Thursday, May 15, 2008

Chasing donors. . .

Here's a must read for anyone involved in the non-profit sector, anyone who works with donors or any donor who cares about the work of solid non-profit organizations. Written by Donald G. McNeil, Jr., I picked it up from The New York Times (Tuesday, April 22, 2008, p. D6).

Donor Attention-Deficit Disorder? Phony Press Release Is Joke, Sort Of

Since it was issued on April 1 by the Center for Global Development, an antipoverty study group, a mock press release titled “Road to Health: Paved With Good Inventions” has been circulating among global health experts. Though it drones on in admin-speak, it elicits rueful laughter.

“Officials from 50 of the world’s poorest countries announce the pre-launch of a new initiative to fight one of the greatest scourges in global health,” it begins. “The Global Partnership to Battle Donor Attention Deficit Disorder (to be known as GloPBADD) will develop preventive and therapeutic drugs and devices to increase the ability of those in the global health community to sustain their attention for up to two decades.”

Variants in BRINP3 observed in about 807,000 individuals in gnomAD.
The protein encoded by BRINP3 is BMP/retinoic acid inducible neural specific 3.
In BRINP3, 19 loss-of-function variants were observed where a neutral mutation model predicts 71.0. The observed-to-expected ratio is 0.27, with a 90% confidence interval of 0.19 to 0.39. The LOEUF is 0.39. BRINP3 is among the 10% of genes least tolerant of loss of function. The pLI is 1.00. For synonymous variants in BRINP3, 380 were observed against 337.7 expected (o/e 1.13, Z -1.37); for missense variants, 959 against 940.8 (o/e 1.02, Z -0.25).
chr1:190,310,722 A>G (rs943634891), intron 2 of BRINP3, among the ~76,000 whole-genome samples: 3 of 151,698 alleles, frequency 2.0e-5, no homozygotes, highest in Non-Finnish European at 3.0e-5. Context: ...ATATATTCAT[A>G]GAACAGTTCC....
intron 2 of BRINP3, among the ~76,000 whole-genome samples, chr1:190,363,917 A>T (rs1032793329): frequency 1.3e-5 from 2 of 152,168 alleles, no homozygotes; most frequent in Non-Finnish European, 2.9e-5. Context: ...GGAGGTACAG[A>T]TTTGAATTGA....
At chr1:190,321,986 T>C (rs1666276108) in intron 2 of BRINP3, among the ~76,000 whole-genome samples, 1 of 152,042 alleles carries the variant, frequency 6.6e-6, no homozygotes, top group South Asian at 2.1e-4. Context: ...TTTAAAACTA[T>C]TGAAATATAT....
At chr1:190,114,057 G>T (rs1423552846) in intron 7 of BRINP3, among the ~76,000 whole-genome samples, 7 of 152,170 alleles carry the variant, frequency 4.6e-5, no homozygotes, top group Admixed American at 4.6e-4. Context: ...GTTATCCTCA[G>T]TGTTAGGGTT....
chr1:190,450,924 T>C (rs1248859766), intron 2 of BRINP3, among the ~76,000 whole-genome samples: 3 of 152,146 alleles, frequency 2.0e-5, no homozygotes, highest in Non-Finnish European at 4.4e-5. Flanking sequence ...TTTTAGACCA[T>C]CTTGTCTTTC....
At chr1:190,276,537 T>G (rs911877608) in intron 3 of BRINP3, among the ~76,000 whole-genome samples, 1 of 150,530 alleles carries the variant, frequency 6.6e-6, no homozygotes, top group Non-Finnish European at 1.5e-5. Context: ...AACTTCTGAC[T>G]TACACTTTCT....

The release envisions a new drug that stretches donors’ attention spans and contains an antidepressant in case of “exposure to negative headlines.” Research would be financed by the airfare saved by canceling endless meetings with donors.

“It’s funny because there’s more than a grain of truth here,” said Chris Hentschel, president of the Medicines for Malaria Venture, who read it on his BlackBerry two weeks ago. “We all ratchet up appalling carbon footprints attending such meetings.”

The mock release added that the World Bank’s ability to “write the same things again and again for more than a decade” was “proof of concept” that donors could be strung along.

The author of the release, Ruth Levine, says people have taken the joke “in good spirits.”

“I’ve worked in global health since before it was cool,” Ms. Levine said. “This was an occasion to poke fun at some of its zanier tendencies.”


Seriously now, I can relate! Any other non-profit folks or donors out there who relate to this? Let me hear from you.

Here's the link to the essay:


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